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Unfortunately, during the three years that I searched for positions outside of academe, I found that humanities Ph.D.’s, without relevant experience or technical skills, generally compete at a moderate disadvantage against undergraduates, and at a serious disadvantage against people with professional degrees. If you take that path, you will be starting at the bottom in your 30s, a decade behind your age cohort, with no savings (and probably a lot of debt).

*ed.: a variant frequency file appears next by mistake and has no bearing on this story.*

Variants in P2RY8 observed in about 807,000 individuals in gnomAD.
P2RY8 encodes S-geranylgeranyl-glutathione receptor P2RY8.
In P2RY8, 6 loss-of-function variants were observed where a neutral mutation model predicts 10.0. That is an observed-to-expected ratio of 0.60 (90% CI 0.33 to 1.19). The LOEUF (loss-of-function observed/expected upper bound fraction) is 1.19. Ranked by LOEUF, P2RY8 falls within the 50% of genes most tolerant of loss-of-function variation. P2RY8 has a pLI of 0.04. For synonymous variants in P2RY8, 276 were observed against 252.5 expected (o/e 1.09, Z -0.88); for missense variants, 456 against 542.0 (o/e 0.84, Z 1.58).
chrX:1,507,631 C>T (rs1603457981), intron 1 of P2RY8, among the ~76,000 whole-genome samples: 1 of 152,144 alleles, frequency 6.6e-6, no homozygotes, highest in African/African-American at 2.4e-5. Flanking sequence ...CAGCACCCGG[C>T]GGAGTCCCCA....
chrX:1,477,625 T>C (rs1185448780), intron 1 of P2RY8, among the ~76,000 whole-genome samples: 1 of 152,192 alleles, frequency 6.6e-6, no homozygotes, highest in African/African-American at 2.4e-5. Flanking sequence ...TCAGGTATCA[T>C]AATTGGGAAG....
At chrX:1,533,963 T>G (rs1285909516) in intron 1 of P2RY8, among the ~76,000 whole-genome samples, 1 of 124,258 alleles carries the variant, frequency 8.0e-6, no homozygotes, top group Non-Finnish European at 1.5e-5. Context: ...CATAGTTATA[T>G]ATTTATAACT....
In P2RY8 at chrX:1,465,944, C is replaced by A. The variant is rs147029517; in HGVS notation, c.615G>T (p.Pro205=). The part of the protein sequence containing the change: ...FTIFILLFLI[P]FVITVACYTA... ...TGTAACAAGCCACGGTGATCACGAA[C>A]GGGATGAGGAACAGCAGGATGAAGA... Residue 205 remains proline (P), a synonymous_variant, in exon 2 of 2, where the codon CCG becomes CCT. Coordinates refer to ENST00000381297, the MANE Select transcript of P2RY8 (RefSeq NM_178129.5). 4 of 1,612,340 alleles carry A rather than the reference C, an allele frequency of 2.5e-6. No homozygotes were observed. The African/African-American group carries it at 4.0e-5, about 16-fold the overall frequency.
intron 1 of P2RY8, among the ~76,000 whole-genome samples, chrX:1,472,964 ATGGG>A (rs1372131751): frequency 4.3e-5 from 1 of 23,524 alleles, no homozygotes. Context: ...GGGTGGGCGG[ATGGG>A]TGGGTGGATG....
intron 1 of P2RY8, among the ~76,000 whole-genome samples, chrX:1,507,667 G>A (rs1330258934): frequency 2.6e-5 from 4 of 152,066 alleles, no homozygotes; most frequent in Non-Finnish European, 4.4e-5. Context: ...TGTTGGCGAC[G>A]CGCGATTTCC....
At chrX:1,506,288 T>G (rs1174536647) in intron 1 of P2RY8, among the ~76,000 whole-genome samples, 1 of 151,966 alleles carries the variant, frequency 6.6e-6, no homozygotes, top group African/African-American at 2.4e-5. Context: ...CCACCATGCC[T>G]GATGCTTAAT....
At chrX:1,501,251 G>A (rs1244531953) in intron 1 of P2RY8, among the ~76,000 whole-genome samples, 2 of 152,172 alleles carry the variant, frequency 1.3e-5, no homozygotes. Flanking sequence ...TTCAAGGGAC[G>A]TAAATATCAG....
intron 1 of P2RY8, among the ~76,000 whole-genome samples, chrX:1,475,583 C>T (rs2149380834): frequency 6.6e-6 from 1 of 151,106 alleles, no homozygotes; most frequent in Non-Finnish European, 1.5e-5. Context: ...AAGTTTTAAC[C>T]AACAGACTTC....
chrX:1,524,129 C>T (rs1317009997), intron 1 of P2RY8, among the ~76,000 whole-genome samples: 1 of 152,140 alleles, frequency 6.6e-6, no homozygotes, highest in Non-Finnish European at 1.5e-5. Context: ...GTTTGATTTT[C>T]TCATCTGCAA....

February 9, 2009

Ouch, but this is a message worth reading from Thomas Benton. He goes on to discuss why grad school in the humanities may not be the best course for making money and having a career.  The fact that it was published in the Chronicle of Higher Education gives it some validity.

I find myself comparing my situation to one he describes as being 30 and unemployed and behind.  Yep, check.  Next?  Oh, yes, and no technical field experience, yep–another check.  Still underemployed?  Yep.  Ouch.

Oh yes, and if you are still unsure about adjuncts vs. full-time and making living wage.  Check out the numbers on my post.

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